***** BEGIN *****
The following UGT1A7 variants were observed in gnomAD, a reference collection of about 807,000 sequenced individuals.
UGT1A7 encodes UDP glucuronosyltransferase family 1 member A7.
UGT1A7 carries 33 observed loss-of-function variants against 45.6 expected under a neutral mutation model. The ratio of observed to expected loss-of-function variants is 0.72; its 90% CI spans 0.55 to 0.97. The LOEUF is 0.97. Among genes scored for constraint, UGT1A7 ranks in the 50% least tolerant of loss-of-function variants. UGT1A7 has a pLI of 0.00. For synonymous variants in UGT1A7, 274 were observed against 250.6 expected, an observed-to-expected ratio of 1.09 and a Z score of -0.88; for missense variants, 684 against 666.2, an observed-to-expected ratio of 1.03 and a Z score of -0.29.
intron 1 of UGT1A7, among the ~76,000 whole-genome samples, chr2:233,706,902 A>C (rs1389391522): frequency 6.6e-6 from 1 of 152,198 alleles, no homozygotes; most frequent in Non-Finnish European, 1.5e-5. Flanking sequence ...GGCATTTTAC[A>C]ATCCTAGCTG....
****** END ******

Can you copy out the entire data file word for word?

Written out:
The following UGT1A7 variants were observed in gnomAD, a reference collection of about 807,000 sequenced individuals.
UGT1A7 encodes UDP glucuronosyltransferase family 1 member A7.
UGT1A7 carries 33 observed loss-of-function variants against 45.6 expected under a neutral mutation model. The ratio of observed to expected loss-of-function variants is 0.72; its 90% CI spans 0.55 to 0.97. The LOEUF is 0.97. Among genes scored for constraint, UGT1A7 ranks in the 50% least tolerant of loss-of-function variants. UGT1A7 has a pLI of 0.00. For synonymous variants in UGT1A7, 274 were observed against 250.6 expected, an observed-to-expected ratio of 1.09 and a Z score of -0.88; for missense variants, 684 against 666.2, an observed-to-expected ratio of 1.03 and a Z score of -0.29.
intron 1 of UGT1A7, among the ~76,000 whole-genome samples, chr2:233,706,902 A>C (rs1389391522): frequency 6.6e-6 from 1 of 152,198 alleles, no homozygotes; most frequent in Non-Finnish European, 1.5e-5. Flanking sequence ...GGCATTTTAC[A>C]ATCCTAGCTG....